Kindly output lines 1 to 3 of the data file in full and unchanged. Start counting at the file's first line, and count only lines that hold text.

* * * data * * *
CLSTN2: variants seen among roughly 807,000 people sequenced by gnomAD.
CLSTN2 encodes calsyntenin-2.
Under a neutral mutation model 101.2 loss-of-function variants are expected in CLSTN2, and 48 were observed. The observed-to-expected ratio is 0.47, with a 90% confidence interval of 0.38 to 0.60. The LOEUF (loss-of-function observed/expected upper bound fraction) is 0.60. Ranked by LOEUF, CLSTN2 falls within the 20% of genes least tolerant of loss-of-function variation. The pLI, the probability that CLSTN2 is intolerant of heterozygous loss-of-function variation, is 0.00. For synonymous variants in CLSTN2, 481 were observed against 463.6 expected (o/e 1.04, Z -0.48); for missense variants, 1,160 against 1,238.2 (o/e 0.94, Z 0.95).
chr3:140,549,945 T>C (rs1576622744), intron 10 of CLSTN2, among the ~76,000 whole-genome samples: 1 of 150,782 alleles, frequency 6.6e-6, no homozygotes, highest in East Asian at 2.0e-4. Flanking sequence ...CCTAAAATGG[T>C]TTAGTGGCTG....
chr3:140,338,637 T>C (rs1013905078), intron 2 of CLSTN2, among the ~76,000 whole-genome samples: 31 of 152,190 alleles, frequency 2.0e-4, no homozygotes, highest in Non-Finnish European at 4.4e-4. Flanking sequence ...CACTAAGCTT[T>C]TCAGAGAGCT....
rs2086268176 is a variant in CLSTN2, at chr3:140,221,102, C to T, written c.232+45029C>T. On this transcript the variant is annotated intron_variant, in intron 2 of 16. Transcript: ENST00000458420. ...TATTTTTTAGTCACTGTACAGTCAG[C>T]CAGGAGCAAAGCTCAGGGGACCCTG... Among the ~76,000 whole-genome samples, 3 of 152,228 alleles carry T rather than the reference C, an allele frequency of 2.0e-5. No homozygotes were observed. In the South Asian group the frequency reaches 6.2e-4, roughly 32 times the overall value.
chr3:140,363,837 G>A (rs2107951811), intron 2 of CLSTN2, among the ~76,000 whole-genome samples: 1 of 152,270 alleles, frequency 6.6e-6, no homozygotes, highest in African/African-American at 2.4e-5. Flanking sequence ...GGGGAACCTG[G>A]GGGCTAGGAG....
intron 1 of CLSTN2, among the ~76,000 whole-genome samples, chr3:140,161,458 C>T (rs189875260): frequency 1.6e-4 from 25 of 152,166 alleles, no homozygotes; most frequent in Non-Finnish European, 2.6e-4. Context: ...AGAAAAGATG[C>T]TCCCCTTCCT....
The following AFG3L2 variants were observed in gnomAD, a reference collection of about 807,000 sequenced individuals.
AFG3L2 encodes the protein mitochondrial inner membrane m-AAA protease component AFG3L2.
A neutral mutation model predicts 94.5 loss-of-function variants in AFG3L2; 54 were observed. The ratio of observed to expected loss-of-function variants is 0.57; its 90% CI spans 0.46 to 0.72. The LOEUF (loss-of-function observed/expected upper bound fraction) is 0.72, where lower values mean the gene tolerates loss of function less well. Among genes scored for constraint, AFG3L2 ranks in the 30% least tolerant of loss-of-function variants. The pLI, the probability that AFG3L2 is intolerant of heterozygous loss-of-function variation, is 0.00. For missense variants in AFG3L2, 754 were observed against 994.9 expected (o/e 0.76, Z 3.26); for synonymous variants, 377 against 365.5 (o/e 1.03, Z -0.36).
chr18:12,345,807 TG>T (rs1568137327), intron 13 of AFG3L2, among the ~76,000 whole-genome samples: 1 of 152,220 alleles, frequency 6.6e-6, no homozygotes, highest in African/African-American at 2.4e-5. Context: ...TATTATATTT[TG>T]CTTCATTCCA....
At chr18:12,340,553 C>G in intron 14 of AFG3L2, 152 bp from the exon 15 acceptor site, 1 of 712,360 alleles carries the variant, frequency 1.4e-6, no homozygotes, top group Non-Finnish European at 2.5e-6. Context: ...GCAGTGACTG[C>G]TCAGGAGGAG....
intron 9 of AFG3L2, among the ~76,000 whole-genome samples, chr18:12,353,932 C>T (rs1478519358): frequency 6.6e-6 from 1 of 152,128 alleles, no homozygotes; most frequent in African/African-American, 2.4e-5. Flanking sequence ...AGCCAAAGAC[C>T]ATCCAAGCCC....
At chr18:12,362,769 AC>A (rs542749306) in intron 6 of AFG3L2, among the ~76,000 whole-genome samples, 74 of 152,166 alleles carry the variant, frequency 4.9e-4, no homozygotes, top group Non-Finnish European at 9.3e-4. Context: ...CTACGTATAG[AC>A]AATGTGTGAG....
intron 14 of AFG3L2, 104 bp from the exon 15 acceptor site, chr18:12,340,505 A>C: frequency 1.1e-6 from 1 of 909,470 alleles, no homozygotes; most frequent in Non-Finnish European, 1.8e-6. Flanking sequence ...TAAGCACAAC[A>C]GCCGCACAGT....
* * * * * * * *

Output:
CLSTN2: variants seen among roughly 807,000 people sequenced by gnomAD.
CLSTN2 encodes calsyntenin-2.
Under a neutral mutation model 101.2 loss-of-function variants are expected in CLSTN2, and 48 were observed. The observed-to-expected ratio is 0.47, with a 90% confidence interval of 0.38 to 0.60. The LOEUF (loss-of-function observed/expected upper bound fraction) is 0.60. Ranked by LOEUF, CLSTN2 falls within the 20% of genes least tolerant of loss-of-function variation. The pLI, the probability that CLSTN2 is intolerant of heterozygous loss-of-function variation, is 0.00. For synonymous variants in CLSTN2, 481 were observed against 463.6 expected (o/e 1.04, Z -0.48); for missense variants, 1,160 against 1,238.2 (o/e 0.94, Z 0.95).